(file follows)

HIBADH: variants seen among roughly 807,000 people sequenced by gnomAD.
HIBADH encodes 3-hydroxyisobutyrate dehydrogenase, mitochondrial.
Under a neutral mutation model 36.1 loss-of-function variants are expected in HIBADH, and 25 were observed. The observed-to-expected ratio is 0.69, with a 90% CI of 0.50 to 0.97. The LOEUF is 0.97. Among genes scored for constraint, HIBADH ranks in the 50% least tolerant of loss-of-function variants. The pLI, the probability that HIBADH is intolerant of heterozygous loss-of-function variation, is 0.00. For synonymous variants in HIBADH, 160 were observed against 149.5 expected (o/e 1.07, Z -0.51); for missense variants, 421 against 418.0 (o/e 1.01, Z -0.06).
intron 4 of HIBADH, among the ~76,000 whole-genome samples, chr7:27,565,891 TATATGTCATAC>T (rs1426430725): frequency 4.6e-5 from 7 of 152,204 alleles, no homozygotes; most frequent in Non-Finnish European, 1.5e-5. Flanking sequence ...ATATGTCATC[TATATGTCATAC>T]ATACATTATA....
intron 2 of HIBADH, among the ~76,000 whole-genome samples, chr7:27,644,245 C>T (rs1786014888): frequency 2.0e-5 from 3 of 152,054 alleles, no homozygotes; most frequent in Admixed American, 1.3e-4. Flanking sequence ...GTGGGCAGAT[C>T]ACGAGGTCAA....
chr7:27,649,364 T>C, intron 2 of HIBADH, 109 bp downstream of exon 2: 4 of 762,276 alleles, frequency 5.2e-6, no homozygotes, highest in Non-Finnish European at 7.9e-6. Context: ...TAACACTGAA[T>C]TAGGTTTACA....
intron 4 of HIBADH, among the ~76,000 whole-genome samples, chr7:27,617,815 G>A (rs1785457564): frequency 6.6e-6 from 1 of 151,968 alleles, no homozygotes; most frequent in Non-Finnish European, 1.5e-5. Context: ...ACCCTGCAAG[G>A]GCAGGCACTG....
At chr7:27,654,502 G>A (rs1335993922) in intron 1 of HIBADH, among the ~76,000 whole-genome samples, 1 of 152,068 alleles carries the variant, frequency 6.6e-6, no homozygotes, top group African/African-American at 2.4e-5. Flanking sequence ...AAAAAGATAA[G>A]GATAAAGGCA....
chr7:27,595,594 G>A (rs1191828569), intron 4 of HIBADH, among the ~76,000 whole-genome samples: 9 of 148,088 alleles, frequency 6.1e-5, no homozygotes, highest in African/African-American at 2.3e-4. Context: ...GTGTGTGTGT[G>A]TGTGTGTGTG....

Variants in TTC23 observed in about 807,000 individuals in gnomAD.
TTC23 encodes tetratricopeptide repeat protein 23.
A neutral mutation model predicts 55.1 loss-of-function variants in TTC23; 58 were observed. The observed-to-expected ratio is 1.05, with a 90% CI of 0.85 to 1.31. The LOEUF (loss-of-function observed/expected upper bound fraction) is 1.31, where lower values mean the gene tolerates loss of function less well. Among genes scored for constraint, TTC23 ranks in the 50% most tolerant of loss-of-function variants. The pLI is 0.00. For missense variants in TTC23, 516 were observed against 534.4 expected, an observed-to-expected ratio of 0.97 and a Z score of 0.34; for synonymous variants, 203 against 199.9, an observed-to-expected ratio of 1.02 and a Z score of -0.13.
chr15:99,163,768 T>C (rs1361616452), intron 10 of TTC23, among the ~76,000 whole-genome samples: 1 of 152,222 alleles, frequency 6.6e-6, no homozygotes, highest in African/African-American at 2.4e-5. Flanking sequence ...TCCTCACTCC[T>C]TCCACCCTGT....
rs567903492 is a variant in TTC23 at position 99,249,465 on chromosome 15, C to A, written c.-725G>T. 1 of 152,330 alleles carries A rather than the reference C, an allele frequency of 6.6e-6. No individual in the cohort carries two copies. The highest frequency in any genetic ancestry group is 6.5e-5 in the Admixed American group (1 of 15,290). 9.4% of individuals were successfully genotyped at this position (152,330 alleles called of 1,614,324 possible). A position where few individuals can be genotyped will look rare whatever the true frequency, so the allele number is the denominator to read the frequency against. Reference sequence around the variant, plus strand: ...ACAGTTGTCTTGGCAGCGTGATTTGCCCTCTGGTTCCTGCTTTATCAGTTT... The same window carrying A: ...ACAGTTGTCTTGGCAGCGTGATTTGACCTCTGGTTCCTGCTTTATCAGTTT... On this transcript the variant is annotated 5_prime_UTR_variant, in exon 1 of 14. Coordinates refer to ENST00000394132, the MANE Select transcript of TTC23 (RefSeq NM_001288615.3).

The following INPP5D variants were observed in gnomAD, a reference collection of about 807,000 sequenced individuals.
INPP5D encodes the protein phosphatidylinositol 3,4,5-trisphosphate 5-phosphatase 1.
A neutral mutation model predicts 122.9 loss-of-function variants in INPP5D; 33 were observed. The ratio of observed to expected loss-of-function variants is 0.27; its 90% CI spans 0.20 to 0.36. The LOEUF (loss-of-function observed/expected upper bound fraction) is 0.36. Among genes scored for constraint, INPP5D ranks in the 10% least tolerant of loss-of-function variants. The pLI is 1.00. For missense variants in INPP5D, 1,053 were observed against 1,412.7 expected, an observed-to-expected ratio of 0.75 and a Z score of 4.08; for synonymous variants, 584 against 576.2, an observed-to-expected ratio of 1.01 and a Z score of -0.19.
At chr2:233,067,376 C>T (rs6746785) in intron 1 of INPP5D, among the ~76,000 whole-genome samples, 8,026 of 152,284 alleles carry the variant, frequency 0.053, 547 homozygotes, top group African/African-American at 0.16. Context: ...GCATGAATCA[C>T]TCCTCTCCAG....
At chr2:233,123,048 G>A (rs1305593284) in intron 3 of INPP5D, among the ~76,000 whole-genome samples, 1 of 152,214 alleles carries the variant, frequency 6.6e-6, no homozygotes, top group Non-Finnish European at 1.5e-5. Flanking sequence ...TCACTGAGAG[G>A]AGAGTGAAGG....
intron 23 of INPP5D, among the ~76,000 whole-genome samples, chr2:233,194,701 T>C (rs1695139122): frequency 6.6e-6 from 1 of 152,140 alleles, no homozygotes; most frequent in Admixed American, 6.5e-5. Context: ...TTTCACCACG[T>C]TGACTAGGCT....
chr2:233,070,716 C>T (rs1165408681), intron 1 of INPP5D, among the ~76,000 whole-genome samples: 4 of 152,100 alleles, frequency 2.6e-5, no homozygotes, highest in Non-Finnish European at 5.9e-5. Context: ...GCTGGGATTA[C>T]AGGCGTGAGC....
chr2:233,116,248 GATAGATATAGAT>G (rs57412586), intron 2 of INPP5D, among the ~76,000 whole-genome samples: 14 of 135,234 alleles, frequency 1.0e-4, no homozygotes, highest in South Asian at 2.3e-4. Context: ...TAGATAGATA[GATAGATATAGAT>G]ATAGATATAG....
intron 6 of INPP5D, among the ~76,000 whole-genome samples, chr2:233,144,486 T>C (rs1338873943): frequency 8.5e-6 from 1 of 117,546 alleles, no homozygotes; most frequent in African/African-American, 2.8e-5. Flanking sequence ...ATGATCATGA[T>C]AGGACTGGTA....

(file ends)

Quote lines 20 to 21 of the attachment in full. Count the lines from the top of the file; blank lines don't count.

intron 23 of INPP5D, among the ~76,000 whole-genome samples, chr2:233,194,701 T>C (rs1695139122): frequency 6.6e-6 from 1 of 152,140 alleles, no homozygotes; most frequent in Admixed American, 6.5e-5. Context: ...TTTCACCACG[T>C]TGACTAGGCT....
chr2:233,070,716 C>T (rs1165408681), intron 1 of INPP5D, among the ~76,000 whole-genome samples: 4 of 152,100 alleles, frequency 2.6e-5, no homozygotes, highest in Non-Finnish European at 5.9e-5. Context: ...GCTGGGATTA[C>T]AGGCGTGAGC....